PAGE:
23 February 2012

Is it over yet?

I'm really sick of winter.  I'll admit it. Up until this point, I was so defiant in insisting that I loved Montana and was having the best ever winter, but I'm done.  I'm ready for spring.

I hate our driveway.  After our big snowstorm last month, we had to park just inside our driveway and hike up to the cabin for about a week.  We could have plowed it, except our driveway has really deep ruts, and plowing would only scrape off the snow in the center, leaving behind the snow and slush on either side, and it really wouldn't help much. I should say that I expected this, I was warned that the driveway would be hard to use in the winter, but that was when I thought it was 60 yards long, and in summer, the thought of dragging groceries uphill on a sled sounds kind of fun.  Yesterday, when the snow was melting, I scooped up 3 wheelbarrow loads of sawdust and bark and laid it down on the driveway to give it some traction.  After last night's snow, it's completely covered up.

But the reason I'm really looking forward to spring is for my garden.  Here it is last August.

We got here at the beginning of July, and I know it was pretty ambitious to start a garden that late, but I did anyway.  Since I didn't work this summer, I had plenty of time to spend in it.  Here's what we planted:  baby pumpkins, giant pumpkins, squash, carrots, green onions, herbs, 7 different kinds of tomatoes, cucumbers, 4 different kinds of peppers, mesclun, and spinach.   The funny thing about gardens is that they require a lot of sunlight.  Our yard is completely surrounded by trees, so any given spot in the garden might get only 3 or 4 hours of direct sunlight every day.  What we ended up getting out of the garden: a couple salads, some carrots, green onions, and the herbs.  Everything else died in the October frost before it matured.  Yes, October. Three months growing time wasn't enough for most of the plants, even though I bought a lot of them as plants, not seeds.  My vision of selling pumpkins roadside out of my mother in law's pickup truck never came true.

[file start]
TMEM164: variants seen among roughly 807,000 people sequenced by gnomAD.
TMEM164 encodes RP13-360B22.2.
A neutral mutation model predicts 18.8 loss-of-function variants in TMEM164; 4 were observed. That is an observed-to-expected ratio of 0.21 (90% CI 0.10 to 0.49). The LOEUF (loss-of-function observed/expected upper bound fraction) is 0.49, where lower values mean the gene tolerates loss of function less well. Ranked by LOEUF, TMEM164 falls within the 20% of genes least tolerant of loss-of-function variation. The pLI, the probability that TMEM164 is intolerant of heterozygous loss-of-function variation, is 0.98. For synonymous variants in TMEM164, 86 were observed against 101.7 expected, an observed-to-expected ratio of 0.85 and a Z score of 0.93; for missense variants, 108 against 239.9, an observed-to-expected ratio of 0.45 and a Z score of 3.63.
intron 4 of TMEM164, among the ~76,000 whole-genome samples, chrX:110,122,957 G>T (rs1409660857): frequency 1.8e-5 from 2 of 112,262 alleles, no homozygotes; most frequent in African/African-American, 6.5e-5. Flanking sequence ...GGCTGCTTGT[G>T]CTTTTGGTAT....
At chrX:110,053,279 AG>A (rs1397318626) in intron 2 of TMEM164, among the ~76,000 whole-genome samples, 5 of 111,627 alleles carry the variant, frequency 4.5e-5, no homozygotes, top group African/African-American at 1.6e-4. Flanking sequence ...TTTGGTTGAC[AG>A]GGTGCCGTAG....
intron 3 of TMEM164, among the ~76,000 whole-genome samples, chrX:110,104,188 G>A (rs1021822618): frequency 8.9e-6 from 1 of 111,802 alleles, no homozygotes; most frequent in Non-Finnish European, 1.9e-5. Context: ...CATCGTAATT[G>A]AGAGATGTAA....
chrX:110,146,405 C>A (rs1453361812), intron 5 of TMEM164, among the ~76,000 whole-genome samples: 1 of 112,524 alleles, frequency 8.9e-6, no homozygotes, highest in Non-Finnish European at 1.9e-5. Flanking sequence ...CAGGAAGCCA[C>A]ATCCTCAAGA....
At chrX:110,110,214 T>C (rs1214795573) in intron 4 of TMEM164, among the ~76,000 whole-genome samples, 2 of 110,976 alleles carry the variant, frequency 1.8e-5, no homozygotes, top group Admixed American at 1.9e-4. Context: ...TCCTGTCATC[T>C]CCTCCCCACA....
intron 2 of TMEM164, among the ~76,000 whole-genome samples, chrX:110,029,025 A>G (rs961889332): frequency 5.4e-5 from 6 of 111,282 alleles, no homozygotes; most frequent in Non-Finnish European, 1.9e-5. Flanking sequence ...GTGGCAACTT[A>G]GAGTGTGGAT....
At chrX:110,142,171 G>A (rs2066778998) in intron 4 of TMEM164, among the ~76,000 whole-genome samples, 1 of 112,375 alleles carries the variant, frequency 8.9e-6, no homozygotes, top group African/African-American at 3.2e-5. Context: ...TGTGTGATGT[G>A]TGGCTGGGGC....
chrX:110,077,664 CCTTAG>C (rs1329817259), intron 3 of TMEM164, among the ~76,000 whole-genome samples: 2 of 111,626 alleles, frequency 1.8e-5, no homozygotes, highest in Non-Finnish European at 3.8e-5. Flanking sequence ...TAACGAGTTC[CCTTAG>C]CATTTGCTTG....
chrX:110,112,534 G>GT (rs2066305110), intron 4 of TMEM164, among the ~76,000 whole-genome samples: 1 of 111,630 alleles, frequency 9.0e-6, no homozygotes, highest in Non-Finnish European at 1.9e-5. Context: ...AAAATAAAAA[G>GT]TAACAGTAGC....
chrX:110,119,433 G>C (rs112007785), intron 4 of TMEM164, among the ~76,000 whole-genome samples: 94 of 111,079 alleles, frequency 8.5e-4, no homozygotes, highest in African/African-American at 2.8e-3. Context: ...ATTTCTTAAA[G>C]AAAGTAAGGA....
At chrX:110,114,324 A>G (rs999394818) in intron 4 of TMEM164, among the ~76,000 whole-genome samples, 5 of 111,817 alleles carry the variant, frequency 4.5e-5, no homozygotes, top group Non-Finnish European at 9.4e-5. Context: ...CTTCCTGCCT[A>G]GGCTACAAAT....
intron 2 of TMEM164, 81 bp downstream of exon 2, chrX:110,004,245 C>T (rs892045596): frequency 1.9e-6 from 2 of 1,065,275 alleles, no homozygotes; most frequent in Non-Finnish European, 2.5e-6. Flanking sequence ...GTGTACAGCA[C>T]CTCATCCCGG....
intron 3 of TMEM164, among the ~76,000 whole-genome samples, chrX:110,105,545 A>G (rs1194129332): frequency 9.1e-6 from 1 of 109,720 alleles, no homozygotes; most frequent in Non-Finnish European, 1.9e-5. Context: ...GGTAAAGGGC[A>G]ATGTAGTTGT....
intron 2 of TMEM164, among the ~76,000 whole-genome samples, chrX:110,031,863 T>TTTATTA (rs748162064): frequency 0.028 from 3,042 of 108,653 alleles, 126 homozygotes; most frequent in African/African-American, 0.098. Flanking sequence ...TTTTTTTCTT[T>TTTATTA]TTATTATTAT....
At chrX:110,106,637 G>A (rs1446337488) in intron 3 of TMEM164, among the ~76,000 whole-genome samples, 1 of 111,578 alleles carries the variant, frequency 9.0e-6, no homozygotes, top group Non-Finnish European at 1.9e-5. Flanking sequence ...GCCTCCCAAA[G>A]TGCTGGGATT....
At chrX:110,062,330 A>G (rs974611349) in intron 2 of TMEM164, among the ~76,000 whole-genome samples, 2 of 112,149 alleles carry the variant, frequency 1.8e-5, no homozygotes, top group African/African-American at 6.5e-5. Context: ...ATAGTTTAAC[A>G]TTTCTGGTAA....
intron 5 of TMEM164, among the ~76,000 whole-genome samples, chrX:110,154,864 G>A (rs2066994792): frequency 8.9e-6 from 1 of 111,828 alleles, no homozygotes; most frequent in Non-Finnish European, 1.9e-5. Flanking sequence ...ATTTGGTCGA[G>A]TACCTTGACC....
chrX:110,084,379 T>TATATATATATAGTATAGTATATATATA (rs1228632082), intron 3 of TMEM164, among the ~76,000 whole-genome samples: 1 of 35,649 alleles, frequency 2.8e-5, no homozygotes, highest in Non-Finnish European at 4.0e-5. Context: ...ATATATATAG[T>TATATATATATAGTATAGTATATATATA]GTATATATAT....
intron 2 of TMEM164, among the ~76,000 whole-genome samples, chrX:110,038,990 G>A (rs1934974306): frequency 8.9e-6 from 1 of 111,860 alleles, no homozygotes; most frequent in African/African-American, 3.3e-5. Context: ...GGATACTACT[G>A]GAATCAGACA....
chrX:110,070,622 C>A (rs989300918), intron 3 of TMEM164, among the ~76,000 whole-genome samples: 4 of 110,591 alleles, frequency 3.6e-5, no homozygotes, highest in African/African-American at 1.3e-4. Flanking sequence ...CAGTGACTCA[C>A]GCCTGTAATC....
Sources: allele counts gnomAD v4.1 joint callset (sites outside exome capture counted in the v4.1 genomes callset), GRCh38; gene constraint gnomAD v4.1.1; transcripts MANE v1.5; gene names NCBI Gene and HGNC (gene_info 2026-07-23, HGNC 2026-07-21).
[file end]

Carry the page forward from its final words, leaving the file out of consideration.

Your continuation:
This is what my garden looks like now:

Snow, snow snow.  I would call this snow rude names but there are several people who read this that have the word "Grandma" in front of their names and I'm not ready to reveal my true potty mouth to some of them yet.  It's hard to find inspiration in garden beds that will likely have snow cover on them for another 2 months.

I've got a few questions:

1.  Does anybody know if fireplace/woodstove ash is good for gardens?  If it's not, I'm screwed.
2.  Any suggestions for what to plant this year?
3.  Any luck with seed tapes?  (For those that don't know what I'm talking about, they are strips of paper towels or TP that have seeds glued to them with a water/flour mixture.  From what I can tell, it is easier to plant and have the spacing right.)


p.s. We're under an avalanche warning.  Seriously?


  1. We used to put ashes in our garden when we first started it. Should be good for it. Plant stuff that doesn't take more than 4 months to grow: potatoes, peas, beans, corn, carrots can take the snow.
    yo mama

  2. Maybe you should just come up here and plant it on your vacation.